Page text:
2. Be willing to listen to complaints

Yep, this one hasn’t changed in the last 30 years!  Not listening to your customers or interrupting your customers is a way to actively disengage your customers. They have many choices and that can quickly drive them away.  It is surprising just how many times a customer challenge can be resolved simply by listening.  Sometimes it is a case of allowing the customer to vent, no matter how long that takes.  Listening takes effort and concentration.  It also takes some time, so allow your agents or customer service reps the time without “over metric managing” to complete the interaction.  That little extra time pays for itself in the end with first call resolution, minimizing additional follow up needs, less angry social media rants etc.…   These types of interactions are not limited to the phone or in-person.  More and more are exclusively happening on social channels so you must be prepared to listen wherever the customer is “speaking.”

3. Invite your customers to your social community

Social Media is an amazing gift that companies have been given. The key is taking advantage of it.  Most companies today know the importance of responding to customer posts but there are still many who are missing the vast opportunities that Social Media groups provide. Why not start on-line groups about products or services that are relevant to many of your customers? 

Allow your customers to participate in groups on Facebook or Google, for example. It seems frightening at first to invite this kind of open discourse but as the groups mature and more customers join, the feedback will be more actionable and helpful for your company and your customers.

No matter what industry you are in, customers will provide you with information that you can take action on immediately as well:  Customers sharing information about a defective product or a company store with understaffed return lanes, the clinic with the most responsive and timely call backs, the customer service rep who was consistently rude, or the agent that provided empathy and caring when handling a delicate situation.  This is a way that customers can provide feedback directly to you. There are not many engagement tools more powerful than that. You can help control where that feedback comes from by creating forums for them to share.  Customers want to feel good about their purchase or service and the easiest way to engage them in this arena is to ask them for their feedback and allow them to be a part of your community.

4. Find out about your customers

No one does this better than Amazon since they seem to know what you want before you actually know you want it, but many smaller companies can use basic analytics programs to understand how and when customers are shopping or using their services.  Be sure to tie information together whenever possible. 

One of the easiest and least expensive ways to engage your customers is by asking them.  I was recently at a new dentist’s office.  After the basic information was gathered, they asked me about what times of day and day of the week that I preferred to come in. Since I didn’t have another appointment to schedule, I asked if that was important and they said that they input that information to ensure that they are servicing customers when they need it and when it’s most convenient for them.  (I’m in!)  They also followed up with a brief survey about my experience, which allowed me to provide feedback.  I felt that they were truly interested in me as a customer and in my opinion. I am much more engaged with the office than I would have been had they not asked for my thoughts and I am also more likely to return.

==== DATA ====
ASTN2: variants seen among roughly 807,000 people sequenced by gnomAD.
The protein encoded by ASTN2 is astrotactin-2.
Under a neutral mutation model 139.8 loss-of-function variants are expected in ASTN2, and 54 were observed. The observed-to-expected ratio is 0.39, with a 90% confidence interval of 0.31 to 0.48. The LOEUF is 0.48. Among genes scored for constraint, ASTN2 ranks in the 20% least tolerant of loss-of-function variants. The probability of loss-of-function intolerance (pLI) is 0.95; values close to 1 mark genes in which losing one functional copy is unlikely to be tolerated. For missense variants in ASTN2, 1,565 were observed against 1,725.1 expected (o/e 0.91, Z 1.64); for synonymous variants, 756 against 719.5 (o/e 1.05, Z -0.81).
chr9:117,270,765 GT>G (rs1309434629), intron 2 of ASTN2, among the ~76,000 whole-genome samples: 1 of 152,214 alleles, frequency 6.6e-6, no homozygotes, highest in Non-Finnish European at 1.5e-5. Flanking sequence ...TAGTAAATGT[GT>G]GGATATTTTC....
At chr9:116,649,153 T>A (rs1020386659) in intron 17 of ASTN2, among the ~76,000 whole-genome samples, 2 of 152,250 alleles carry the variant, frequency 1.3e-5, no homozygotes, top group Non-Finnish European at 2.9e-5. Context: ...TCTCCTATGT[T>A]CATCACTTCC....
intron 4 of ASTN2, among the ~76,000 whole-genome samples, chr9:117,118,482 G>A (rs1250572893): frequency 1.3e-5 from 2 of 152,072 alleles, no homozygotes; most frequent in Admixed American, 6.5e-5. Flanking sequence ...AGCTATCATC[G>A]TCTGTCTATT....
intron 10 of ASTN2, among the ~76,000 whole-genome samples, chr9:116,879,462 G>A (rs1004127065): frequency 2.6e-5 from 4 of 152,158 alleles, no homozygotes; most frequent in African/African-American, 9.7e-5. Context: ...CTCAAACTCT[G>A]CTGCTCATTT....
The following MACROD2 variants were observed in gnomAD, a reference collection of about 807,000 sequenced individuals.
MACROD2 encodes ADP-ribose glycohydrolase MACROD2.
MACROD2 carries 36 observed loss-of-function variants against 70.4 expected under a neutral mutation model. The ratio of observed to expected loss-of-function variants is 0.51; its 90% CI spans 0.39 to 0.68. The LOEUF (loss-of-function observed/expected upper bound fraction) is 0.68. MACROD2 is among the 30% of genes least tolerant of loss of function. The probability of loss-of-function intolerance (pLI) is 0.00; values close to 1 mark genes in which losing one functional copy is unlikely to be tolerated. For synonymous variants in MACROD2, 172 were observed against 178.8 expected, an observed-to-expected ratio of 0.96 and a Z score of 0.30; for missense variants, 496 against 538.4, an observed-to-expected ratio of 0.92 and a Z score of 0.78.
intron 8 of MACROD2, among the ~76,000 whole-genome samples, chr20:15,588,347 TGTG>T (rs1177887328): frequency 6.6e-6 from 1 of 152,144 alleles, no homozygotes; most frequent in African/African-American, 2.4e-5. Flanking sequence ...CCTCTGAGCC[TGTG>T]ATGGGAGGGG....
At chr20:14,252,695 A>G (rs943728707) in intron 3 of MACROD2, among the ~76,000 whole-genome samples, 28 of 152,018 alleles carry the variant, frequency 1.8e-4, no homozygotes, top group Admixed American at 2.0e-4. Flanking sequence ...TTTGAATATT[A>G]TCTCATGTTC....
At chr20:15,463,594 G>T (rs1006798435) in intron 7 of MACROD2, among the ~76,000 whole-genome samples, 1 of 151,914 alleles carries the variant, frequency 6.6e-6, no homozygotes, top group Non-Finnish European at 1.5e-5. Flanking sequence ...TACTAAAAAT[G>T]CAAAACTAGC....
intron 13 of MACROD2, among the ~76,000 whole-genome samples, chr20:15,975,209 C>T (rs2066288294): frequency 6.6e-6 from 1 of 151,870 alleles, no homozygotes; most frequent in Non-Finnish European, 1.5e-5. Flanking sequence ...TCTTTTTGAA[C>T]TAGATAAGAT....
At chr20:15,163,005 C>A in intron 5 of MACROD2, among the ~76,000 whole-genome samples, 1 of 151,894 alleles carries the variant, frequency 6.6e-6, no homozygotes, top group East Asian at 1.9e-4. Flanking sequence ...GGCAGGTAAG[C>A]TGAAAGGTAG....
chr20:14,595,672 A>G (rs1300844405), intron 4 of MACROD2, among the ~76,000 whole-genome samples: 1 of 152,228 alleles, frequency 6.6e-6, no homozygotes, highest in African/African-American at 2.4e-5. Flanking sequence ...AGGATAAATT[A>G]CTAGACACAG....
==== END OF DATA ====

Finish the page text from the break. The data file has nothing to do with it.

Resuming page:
5. Make your content worthwhile

Customers become engaged when they have an opportunity to learn about the product they purchased. For instance, when I bought a new brand of phone, I went to the company website to learn about tips to enhance my user experience.  Accordingly, make sure that your web content is robust and connects your customer to your organization more fully.  For example, if your customer purchases new tires from you, your website could share tips for lengthening tire life or the hours of local free air pressure checks.  If you’re in healthcare, and someone does a search for an obstetrician referral, why not present them with content related to the topic such as OB tours available in their area or a local educational session you are doing on childbirth?

There is an old service saying that to keep a customer demands as much skill as to win one. Engaging the customer in your business, making them part of your community and listening to their feedback are a few ways to add value to your customer experience and keep them coming back.

Cippy Seidler is an enthusiastic and engaged leader focused on providing a high-level customer experience through employee engagement and a commitment to excellence.  In the span of 29 years, Cippy has served in leadership positions with retail organizations such as Liz Claiborne, Allen-Edmonds, and Zayre with a specialized focus on front-end customer engagement and retention, employee training and sales development.

Currently a Director of the Consumer Care Center with Banner Health, one of the largest, nonprofit health care systems in the country, she is responsible for driving performance across multiple service lines.  As a certified Change Agent, Cippy is an advocate for change and is involved in leading and implementing change.  Cippy's business philosophy is to embrace every challenge as an opportunity, approach it with enthusiasm, an open mind and a desire to make a positive difference.